For the root cause analysis, I recommend tools such as the 5 Whys, Fish-bone diagrams and fault tree analysis maps (for more on FTA's, check out Fault Tree Analysis). These tools make root cause identification much easier. Once you have found what you believe to be the root cause, share it and see if others agree. Sometimes even the best of us miss something and are always thankful when someone notices what was not caught the first time.

Data to capture and review on your safety data spread sheet:

  • Time of injury, day of the week and date – For instance we found January was a high month for injuries in our factory. We never found any trends involving time of day
  • Injury type – Lacerations, muscle strains, contusions, etc.. You need to know what are the most common injuries and work to reduce them
  • Place on Body Injured – Where do employees receive most of their injuries? (Hands, feet, back, head, etc.) After identifying this, the goal, again, is to reduce the occurrence of these injuries

Using Pareto charts and visual graphs will show trends and where to place your safety efforts. This goes a long way in showing that you are monitoring safety and taking a methodical, proactive approach to reducing injuries.

These visual graphs and charts should be placed on safety bulletin boards, in safety newsletters, etc.. These will help to drum up attention and support for reducing your most common injuries and help stop negative trends.

Be Nice While Conducting the Investigation

I always felt bad for the injured person. No one likes this type of attention on top of getting hurt, so try to have some sympathy. The injured worker will most likely be embarrassed. This is management’s opportunity to show that they care about the individual. Express sympathy and ask for their help to make sure a good control measure is created.

I find that most often the injured party really just wants to get back to work and put the injury behind them. They are almost always willing to help make sure no one else gets hurt that same way.

The Only Up-Side

The only up-side to an accident is to perform a thorough study of it with hopes of preventing any more like it. This is why the accident investigation process is so important. It needs a structured, standard approach. This means having standard instructions in place and followed for all accident investigations. Your guide should outline from start to finish what to do for the accident investigation. Keep it simple and easy to follow.

Accident investigation structure example:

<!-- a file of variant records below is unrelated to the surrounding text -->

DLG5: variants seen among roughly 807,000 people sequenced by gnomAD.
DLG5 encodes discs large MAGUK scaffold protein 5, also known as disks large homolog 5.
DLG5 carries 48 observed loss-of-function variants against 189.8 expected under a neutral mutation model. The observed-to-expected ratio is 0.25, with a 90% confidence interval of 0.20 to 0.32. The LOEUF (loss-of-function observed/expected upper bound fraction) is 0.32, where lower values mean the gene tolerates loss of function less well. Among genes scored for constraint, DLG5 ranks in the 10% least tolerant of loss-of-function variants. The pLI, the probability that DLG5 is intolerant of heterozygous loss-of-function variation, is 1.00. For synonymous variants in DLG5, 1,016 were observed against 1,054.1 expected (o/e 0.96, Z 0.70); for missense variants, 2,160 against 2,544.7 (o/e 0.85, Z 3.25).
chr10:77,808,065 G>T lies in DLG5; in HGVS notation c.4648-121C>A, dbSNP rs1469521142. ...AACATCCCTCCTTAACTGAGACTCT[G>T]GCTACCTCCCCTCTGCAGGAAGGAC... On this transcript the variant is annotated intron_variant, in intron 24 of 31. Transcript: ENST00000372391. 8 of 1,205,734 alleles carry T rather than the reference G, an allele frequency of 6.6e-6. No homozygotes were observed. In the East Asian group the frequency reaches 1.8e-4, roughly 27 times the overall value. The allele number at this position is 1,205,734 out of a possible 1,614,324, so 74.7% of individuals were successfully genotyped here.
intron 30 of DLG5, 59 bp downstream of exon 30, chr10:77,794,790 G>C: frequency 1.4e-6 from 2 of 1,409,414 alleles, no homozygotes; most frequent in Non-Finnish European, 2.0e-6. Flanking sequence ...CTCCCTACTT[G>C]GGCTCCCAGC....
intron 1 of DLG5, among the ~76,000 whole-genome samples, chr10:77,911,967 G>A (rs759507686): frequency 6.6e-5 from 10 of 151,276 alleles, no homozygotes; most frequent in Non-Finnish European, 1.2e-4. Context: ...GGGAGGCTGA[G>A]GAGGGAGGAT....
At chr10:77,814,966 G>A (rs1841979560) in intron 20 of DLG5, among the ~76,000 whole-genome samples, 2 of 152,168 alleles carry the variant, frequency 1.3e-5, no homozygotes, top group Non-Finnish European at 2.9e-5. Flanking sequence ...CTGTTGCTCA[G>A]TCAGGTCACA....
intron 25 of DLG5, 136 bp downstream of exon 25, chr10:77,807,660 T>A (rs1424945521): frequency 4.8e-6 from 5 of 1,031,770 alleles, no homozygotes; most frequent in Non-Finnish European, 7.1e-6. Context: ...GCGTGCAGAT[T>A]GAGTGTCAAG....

1. Fill out accident report form including statement from injured worker and witnesses
  2. Visit accident site: address any exposed hazards. This might require a short term fix
  3. Collect evidence from accident site (include taking pictures)
  4. Review all evidence and perform root cause analysis
  5. Complete the report including the root cause and new control measure and file as needed
  6. Record accident data on spread sheet to look for trends (Over the years, this data will be helpful and should show safety progress)
  7. Schedule 30, 60, 90 day reviews on control measure to make sure it is effective. You’ll find this takes little time

It does not matter how big your business is. When an employee is injured or a near miss occurs, we owe it to all workers to perform the best investigation we can. We must do everything in our power to make sure all apparent safety issues are addressed.

Improved safety is the only silver lining that can come out of someone’s pain from a work related injury. Let’s not pass up an opportunity to show we care and make a safer work environment. It won’t reverse the injury, but they will take some satisfaction in knowing that their injury may help prevent someone else from getting hurt.

This article is focused on the “How to” for accident investigation and reporting. It is important that you understand and meet set requirements by regulatory agencies like OSHA when it comes to recording and reporting health and safety. Be sure to check and make sure your meeting your governing agencies guidelines.

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Written by Bryan McWhorter | Lead Safety Advisor, Author, Writer, Speaker

Bryan McWhorter

Bryan McWhorter is a safety professional with eight years of experience in driving and teaching safety. Bryan gained his knowledge and experience as the safety officer and Senior Trainer for Philips Lighting. Philips is a strong health and well-being company that promotes a safety first culture.